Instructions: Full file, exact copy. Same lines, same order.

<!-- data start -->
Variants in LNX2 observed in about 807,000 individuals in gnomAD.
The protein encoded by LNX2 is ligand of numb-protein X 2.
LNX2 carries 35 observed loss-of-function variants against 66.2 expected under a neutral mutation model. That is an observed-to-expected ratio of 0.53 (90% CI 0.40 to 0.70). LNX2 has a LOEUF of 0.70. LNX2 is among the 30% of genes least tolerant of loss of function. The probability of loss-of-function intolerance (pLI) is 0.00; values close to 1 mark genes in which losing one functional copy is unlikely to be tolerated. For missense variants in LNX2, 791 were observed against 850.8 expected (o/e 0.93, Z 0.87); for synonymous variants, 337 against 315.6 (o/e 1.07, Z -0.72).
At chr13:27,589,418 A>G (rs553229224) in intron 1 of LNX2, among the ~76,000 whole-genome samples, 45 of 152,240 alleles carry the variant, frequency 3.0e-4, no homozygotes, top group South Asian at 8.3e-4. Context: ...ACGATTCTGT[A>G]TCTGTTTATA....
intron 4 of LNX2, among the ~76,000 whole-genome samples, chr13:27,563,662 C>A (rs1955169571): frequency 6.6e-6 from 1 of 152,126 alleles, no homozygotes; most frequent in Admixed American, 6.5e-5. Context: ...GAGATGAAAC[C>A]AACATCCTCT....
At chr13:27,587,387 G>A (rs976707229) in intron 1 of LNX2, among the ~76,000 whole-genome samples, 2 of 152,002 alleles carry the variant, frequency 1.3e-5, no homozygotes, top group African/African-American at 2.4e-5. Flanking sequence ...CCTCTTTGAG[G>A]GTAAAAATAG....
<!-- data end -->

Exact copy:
Variants in LNX2 observed in about 807,000 individuals in gnomAD.
The protein encoded by LNX2 is ligand of numb-protein X 2.
LNX2 carries 35 observed loss-of-function variants against 66.2 expected under a neutral mutation model. That is an observed-to-expected ratio of 0.53 (90% CI 0.40 to 0.70). LNX2 has a LOEUF of 0.70. LNX2 is among the 30% of genes least tolerant of loss of function. The probability of loss-of-function intolerance (pLI) is 0.00; values close to 1 mark genes in which losing one functional copy is unlikely to be tolerated. For missense variants in LNX2, 791 were observed against 850.8 expected (o/e 0.93, Z 0.87); for synonymous variants, 337 against 315.6 (o/e 1.07, Z -0.72).
At chr13:27,589,418 A>G (rs553229224) in intron 1 of LNX2, among the ~76,000 whole-genome samples, 45 of 152,240 alleles carry the variant, frequency 3.0e-4, no homozygotes, top group South Asian at 8.3e-4. Context: ...ACGATTCTGT[A>G]TCTGTTTATA....
intron 4 of LNX2, among the ~76,000 whole-genome samples, chr13:27,563,662 C>A (rs1955169571): frequency 6.6e-6 from 1 of 152,126 alleles, no homozygotes; most frequent in Admixed American, 6.5e-5. Context: ...GAGATGAAAC[C>A]AACATCCTCT....
At chr13:27,587,387 G>A (rs976707229) in intron 1 of LNX2, among the ~76,000 whole-genome samples, 2 of 152,002 alleles carry the variant, frequency 1.3e-5, no homozygotes, top group African/African-American at 2.4e-5. Flanking sequence ...CCTCTTTGAG[G>A]GTAAAAATAG....